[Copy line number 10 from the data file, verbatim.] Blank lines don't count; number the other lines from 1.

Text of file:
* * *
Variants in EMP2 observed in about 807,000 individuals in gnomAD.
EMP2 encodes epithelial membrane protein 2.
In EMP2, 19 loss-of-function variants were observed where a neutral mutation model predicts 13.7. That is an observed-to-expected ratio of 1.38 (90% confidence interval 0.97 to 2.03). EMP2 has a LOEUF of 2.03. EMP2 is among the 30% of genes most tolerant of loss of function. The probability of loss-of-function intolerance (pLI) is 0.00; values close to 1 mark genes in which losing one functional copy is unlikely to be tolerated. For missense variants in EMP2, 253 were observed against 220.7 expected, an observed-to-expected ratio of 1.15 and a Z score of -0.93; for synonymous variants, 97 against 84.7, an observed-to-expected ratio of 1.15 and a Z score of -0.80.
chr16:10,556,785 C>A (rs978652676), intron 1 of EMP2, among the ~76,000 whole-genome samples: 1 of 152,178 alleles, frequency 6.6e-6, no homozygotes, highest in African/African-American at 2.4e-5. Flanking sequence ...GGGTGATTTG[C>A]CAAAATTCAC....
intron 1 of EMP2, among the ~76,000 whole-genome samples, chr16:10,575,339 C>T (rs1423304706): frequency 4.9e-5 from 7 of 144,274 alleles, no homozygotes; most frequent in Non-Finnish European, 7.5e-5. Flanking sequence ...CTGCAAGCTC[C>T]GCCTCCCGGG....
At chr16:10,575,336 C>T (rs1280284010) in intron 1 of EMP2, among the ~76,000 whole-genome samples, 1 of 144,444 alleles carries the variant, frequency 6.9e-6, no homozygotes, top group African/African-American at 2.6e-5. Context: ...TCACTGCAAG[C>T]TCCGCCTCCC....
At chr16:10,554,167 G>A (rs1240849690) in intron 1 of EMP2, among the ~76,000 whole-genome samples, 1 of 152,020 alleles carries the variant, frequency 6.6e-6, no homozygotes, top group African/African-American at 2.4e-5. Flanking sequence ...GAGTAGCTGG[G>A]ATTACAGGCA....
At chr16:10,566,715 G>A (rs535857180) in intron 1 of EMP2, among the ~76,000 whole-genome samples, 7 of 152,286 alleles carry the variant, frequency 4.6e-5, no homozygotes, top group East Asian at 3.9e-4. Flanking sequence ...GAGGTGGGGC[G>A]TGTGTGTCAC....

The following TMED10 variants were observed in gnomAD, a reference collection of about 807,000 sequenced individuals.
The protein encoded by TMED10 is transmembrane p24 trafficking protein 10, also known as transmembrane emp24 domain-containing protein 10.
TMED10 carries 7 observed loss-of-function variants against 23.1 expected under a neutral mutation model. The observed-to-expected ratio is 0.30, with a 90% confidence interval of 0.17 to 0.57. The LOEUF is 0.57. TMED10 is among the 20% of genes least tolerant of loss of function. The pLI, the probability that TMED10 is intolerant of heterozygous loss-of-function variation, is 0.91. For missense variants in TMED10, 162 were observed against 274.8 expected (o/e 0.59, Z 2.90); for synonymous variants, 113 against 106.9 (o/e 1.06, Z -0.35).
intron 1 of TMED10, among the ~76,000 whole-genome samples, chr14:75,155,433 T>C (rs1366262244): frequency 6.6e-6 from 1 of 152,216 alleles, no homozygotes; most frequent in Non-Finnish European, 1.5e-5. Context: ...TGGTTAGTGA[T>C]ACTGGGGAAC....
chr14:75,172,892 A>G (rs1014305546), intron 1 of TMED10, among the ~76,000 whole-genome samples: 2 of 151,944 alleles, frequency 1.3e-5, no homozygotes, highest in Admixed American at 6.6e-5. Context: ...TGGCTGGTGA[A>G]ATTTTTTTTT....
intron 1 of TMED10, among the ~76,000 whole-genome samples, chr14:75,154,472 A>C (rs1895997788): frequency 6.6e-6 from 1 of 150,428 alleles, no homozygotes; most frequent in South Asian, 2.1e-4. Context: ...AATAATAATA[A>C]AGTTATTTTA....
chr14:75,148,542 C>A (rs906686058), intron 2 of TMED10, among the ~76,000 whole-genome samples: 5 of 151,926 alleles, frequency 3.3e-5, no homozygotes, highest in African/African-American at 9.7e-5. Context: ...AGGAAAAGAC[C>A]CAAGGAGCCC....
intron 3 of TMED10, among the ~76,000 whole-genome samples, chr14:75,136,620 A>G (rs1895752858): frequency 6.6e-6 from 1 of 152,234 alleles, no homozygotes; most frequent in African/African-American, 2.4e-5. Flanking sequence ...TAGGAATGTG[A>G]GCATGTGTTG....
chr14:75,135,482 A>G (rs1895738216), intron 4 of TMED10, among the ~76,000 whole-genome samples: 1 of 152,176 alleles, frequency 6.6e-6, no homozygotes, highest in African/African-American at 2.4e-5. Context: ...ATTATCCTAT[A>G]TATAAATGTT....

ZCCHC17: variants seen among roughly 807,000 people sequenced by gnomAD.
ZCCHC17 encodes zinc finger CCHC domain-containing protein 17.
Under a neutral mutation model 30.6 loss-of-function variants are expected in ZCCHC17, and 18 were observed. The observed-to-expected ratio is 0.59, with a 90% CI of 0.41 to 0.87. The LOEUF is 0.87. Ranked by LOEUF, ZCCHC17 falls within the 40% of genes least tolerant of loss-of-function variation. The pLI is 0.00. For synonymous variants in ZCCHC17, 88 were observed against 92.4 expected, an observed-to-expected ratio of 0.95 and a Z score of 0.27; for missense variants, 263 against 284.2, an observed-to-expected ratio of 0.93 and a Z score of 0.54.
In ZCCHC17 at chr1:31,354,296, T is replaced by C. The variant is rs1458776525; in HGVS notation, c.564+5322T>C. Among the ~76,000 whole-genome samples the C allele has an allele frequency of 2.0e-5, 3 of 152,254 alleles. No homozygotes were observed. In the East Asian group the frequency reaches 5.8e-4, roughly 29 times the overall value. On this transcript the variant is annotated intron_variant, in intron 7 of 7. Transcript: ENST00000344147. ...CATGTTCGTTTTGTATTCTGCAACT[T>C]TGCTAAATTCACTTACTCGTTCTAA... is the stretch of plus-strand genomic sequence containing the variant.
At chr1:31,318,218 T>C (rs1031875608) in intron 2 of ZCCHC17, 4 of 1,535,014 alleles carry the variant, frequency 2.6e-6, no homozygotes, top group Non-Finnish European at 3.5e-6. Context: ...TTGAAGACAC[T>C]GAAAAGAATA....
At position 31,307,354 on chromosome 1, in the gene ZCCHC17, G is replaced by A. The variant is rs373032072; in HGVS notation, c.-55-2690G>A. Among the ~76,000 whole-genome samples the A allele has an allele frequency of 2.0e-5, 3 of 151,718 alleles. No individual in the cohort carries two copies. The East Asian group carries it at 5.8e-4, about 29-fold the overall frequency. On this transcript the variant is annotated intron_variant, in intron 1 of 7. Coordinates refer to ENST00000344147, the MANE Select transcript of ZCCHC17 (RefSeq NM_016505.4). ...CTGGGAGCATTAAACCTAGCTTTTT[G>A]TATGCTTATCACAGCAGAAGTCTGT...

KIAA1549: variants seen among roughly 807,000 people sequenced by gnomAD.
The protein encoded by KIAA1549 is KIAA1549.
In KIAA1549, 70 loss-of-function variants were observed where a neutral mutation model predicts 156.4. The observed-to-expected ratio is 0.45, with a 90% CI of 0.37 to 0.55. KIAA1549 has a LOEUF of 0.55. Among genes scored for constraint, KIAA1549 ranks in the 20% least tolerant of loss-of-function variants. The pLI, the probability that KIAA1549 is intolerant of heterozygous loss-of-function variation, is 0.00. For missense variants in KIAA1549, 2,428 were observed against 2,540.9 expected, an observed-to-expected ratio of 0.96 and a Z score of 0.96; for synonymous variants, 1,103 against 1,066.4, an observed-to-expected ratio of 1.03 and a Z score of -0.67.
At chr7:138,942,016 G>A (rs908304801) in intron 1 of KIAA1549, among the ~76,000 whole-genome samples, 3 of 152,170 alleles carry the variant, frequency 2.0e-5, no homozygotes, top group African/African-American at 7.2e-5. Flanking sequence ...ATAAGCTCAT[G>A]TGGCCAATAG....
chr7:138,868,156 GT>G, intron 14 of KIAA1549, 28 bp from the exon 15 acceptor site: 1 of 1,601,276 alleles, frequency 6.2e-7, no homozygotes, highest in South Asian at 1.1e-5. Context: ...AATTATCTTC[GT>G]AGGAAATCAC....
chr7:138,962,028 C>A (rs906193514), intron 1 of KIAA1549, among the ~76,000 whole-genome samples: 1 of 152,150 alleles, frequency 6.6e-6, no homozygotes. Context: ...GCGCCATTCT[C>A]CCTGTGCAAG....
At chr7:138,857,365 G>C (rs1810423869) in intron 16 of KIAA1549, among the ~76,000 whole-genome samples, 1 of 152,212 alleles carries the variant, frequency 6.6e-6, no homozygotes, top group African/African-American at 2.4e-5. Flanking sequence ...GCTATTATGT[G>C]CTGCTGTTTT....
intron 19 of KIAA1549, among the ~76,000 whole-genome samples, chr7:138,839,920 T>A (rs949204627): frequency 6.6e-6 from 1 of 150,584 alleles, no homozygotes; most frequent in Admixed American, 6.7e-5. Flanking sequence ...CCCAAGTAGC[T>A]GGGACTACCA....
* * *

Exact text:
The protein encoded by TMED10 is transmembrane p24 trafficking protein 10, also known as transmembrane emp24 domain-containing protein 10.